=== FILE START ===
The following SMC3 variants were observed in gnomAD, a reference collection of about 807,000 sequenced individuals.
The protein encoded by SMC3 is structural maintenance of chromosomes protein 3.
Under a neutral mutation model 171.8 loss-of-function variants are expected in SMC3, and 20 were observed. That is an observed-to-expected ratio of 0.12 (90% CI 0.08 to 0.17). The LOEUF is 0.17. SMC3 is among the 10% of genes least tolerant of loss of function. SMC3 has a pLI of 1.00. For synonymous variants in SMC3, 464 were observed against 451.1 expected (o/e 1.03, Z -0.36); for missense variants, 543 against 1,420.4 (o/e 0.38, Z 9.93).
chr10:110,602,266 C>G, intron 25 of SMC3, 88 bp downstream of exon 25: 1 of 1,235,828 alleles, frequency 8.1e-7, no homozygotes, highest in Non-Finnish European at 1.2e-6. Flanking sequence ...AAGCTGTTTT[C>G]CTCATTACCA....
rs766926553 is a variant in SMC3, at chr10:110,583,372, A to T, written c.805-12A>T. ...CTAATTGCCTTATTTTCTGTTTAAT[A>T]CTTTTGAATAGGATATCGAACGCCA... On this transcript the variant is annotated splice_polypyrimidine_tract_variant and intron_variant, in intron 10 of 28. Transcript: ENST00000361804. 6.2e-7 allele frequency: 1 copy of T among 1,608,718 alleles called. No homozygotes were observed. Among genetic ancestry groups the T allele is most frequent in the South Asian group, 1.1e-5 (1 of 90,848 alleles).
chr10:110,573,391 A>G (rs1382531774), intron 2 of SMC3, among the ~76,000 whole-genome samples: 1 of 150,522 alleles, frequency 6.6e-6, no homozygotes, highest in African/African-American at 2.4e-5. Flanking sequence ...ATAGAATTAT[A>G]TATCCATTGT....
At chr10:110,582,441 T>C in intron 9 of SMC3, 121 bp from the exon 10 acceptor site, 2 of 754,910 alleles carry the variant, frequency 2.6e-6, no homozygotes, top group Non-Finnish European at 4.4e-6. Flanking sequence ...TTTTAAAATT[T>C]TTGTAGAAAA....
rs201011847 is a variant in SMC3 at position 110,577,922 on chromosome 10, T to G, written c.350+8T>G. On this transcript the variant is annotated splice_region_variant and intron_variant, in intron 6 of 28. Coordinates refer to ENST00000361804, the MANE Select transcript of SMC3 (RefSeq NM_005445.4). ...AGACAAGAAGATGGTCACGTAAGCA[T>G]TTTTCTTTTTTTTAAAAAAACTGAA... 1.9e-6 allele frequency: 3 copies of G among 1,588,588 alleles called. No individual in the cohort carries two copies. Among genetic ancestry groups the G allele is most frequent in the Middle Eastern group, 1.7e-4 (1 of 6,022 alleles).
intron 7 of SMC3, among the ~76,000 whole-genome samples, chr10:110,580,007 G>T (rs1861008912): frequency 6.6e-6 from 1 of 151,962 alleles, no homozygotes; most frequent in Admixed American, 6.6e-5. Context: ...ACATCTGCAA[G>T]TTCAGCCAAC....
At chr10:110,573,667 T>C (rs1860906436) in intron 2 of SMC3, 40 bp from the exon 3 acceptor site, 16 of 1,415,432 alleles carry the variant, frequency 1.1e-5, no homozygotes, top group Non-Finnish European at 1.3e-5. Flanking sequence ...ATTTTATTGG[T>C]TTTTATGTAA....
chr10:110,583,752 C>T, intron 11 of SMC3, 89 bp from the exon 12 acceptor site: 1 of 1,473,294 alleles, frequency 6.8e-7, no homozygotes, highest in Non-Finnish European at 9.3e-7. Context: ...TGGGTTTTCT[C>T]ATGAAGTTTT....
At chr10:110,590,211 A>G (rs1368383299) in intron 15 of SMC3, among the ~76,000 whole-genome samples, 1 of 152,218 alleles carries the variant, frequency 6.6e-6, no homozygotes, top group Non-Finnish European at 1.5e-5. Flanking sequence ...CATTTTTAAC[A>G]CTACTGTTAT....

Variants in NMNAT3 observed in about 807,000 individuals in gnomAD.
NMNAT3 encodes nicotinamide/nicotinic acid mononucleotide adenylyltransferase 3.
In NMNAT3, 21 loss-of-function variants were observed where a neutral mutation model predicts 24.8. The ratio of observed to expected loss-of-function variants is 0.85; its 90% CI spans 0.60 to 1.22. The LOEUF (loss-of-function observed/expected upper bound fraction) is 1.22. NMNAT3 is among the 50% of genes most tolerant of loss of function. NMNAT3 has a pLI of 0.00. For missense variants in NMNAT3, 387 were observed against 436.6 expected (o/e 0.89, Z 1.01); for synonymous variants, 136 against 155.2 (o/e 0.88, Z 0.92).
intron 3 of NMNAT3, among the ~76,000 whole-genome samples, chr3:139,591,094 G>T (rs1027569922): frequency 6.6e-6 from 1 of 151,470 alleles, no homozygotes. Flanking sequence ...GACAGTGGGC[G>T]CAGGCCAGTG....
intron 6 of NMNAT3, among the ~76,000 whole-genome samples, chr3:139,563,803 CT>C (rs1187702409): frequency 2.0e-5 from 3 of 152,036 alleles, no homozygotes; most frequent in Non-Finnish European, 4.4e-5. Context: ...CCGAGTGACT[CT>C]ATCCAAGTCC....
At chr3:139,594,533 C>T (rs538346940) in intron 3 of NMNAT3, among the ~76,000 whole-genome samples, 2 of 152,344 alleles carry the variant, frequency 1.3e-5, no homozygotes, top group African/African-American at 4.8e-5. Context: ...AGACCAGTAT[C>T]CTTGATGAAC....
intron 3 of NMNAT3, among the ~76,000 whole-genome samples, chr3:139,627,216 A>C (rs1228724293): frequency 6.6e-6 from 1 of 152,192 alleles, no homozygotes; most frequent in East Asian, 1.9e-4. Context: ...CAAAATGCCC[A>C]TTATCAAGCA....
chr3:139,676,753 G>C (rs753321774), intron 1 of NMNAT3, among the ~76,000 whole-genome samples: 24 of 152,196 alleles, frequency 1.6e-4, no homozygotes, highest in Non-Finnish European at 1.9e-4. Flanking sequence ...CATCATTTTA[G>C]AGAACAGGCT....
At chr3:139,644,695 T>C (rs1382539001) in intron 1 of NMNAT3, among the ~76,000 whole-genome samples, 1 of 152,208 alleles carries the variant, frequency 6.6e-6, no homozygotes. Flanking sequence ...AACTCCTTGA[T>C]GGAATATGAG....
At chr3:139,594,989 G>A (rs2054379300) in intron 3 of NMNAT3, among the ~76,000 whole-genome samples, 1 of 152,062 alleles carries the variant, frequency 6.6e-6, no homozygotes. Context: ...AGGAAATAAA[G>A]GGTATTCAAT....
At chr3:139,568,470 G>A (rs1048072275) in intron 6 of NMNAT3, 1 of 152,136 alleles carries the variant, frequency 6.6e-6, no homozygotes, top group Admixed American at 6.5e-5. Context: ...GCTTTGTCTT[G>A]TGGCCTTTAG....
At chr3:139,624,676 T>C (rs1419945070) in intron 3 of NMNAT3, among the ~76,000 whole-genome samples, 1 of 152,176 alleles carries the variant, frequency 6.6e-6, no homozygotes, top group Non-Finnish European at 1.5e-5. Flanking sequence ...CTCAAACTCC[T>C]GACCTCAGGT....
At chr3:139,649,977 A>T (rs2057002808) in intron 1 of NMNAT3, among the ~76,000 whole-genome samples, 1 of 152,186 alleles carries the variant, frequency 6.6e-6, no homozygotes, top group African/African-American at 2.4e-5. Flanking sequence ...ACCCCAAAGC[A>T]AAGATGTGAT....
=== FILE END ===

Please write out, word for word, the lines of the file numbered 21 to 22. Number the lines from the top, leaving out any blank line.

At chr3:139,644,695 T>C (rs1382539001) in intron 1 of NMNAT3, among the ~76,000 whole-genome samples, 1 of 152,208 alleles carries the variant, frequency 6.6e-6, no homozygotes. Flanking sequence ...AACTCCTTGA[T>C]GGAATATGAG....
At chr3:139,594,989 G>A (rs2054379300) in intron 3 of NMNAT3, among the ~76,000 whole-genome samples, 1 of 152,062 alleles carries the variant, frequency 6.6e-6, no homozygotes. Context: ...AGGAAATAAA[G>A]GGTATTCAAT....